domingo, 25 de abril de 2010


The Asia-Pacific strategy11 points to formidable challenges faced by the region: political and economic crises, as well as natural disasters. Emerging issues and new policy considerations that are of importance in the Asia-Pacific region, such as the integration of climate change adaptation and disaster risk reduction (DRR) and addressing the impact of food insecurity, will have to find their way into existing and newly designed development strategies. There is an opportunity for UNESCO to design its programmes to address these closely-linked complex issues by adopting a proactive and holistic approach to resolve them. Climate change provides education a rare entry-point with truly cross-sectoral political engagement and willing partners. Gender equality, as one of the two UNESCO global priorities, provides an invaluable perspective upon the systemic changes needed to address unsustainable approaches. Similarly, providing technical assistance to Member States to integrate disaster prevention and preparedness in national policies to sustain and augment development gains provides entry-points into reforming the education system where it is most vulnerable.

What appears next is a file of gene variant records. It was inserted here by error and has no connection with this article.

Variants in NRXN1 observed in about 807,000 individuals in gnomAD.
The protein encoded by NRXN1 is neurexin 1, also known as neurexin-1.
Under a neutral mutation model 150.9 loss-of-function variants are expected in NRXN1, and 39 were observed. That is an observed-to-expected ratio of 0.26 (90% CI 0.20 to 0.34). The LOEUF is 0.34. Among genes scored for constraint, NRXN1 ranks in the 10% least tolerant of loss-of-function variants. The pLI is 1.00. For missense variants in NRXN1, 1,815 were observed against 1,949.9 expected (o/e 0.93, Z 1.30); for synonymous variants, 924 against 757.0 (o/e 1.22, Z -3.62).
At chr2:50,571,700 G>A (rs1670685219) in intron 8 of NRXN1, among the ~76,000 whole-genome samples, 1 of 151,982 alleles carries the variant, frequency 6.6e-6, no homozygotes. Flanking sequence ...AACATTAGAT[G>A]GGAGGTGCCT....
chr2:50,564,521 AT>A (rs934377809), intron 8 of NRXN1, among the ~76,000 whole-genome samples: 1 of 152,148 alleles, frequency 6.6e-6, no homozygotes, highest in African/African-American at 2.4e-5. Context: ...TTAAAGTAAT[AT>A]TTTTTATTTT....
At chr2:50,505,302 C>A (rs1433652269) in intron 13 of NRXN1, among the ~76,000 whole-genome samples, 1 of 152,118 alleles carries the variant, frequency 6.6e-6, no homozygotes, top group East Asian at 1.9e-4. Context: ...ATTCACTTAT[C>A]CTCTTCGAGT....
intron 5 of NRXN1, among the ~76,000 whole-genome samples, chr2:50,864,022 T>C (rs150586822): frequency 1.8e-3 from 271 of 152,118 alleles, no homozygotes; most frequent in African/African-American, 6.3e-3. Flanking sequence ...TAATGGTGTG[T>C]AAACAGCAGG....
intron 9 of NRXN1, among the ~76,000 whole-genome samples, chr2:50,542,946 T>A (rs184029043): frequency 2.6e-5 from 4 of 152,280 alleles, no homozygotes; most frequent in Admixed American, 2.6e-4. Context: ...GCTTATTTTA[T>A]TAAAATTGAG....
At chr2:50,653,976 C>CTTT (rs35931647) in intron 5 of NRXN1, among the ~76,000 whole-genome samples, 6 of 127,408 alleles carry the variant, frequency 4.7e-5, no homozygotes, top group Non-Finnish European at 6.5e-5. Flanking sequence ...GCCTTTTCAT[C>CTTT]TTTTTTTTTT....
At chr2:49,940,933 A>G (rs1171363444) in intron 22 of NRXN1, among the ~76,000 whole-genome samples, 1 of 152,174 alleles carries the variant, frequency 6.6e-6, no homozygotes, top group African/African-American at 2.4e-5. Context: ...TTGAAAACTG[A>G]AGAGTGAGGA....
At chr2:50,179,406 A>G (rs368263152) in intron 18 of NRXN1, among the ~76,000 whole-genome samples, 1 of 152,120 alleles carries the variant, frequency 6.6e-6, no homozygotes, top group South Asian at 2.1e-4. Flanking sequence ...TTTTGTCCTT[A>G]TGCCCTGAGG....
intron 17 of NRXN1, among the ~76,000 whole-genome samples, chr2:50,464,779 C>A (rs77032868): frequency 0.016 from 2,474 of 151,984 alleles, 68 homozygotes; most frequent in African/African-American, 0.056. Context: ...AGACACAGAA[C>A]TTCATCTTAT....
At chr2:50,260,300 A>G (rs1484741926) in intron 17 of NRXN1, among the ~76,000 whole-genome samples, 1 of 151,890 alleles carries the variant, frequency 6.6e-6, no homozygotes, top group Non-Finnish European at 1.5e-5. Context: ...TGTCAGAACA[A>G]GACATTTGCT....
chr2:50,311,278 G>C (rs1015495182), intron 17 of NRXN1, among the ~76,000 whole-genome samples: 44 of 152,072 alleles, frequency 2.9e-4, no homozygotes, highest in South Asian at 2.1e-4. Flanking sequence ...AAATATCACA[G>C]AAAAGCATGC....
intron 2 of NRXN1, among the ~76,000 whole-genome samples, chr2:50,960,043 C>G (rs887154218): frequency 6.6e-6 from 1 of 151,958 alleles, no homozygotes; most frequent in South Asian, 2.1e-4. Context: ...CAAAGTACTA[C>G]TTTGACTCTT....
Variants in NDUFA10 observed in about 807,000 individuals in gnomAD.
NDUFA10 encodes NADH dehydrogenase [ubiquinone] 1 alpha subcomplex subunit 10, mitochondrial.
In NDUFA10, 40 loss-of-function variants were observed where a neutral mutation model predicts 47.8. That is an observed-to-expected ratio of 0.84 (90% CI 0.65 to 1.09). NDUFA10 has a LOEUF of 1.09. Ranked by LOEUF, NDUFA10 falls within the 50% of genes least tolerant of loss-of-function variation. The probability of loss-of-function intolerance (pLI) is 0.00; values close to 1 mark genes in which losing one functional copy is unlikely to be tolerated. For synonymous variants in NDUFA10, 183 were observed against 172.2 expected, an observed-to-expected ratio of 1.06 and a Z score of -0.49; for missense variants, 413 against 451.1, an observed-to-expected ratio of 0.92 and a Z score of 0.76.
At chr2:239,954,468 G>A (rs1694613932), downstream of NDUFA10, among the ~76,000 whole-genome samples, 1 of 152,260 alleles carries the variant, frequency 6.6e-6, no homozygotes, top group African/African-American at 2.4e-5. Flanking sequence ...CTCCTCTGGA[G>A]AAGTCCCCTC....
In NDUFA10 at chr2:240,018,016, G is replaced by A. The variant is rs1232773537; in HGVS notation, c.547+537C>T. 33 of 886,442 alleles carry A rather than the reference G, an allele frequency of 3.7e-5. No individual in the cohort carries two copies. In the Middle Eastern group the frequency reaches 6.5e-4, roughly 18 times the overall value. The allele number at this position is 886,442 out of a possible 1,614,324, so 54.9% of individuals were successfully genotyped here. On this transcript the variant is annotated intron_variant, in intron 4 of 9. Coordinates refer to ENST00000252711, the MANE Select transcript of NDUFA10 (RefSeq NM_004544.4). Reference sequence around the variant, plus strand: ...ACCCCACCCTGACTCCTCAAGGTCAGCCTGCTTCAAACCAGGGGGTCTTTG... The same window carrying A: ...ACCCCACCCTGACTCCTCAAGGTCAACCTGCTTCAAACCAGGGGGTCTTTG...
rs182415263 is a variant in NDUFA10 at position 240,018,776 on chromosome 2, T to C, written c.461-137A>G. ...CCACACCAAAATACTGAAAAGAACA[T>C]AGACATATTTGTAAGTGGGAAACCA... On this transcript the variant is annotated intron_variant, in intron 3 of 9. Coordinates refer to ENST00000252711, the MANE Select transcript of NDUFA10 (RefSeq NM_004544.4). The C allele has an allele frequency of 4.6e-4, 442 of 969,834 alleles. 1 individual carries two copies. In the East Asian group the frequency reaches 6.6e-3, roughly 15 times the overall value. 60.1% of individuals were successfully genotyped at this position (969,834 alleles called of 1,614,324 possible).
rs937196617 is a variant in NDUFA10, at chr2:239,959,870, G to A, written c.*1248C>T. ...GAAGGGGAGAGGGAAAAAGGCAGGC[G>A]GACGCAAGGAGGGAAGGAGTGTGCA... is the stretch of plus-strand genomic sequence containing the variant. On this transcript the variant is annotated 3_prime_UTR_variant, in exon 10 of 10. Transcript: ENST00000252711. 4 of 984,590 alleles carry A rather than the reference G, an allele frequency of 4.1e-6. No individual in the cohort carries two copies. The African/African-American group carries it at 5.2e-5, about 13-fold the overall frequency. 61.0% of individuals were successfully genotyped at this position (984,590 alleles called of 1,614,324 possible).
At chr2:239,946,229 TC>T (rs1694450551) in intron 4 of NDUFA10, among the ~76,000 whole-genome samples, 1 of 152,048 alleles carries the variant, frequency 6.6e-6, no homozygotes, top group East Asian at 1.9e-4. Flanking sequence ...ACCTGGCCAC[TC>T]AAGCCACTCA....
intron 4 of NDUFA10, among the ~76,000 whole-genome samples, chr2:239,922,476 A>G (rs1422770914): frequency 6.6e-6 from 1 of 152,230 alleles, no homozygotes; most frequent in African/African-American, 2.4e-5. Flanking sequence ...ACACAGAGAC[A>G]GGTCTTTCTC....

ESD in the Asia-Pacific region is now at a point where countries are beginning to engage in clear strategies for ESD – moving ESD from theory to practice – by identifying clear thematic national SD priorities, linking priorities to existing aims and objectives for education and learning in current policies, building inter-ministerial support, discussing financing and engaging with the right people at the national level. Nevertheless, many issues remain, including ethnic, religious and linguistic barriers; loss of indigenous and traditional knowledge; low adult literacy rates and unachieved universal primary education; need for increased financial support in education; and marginalization. All of these issues need to be considered when interpreting ESD progress and planning activities in the region.12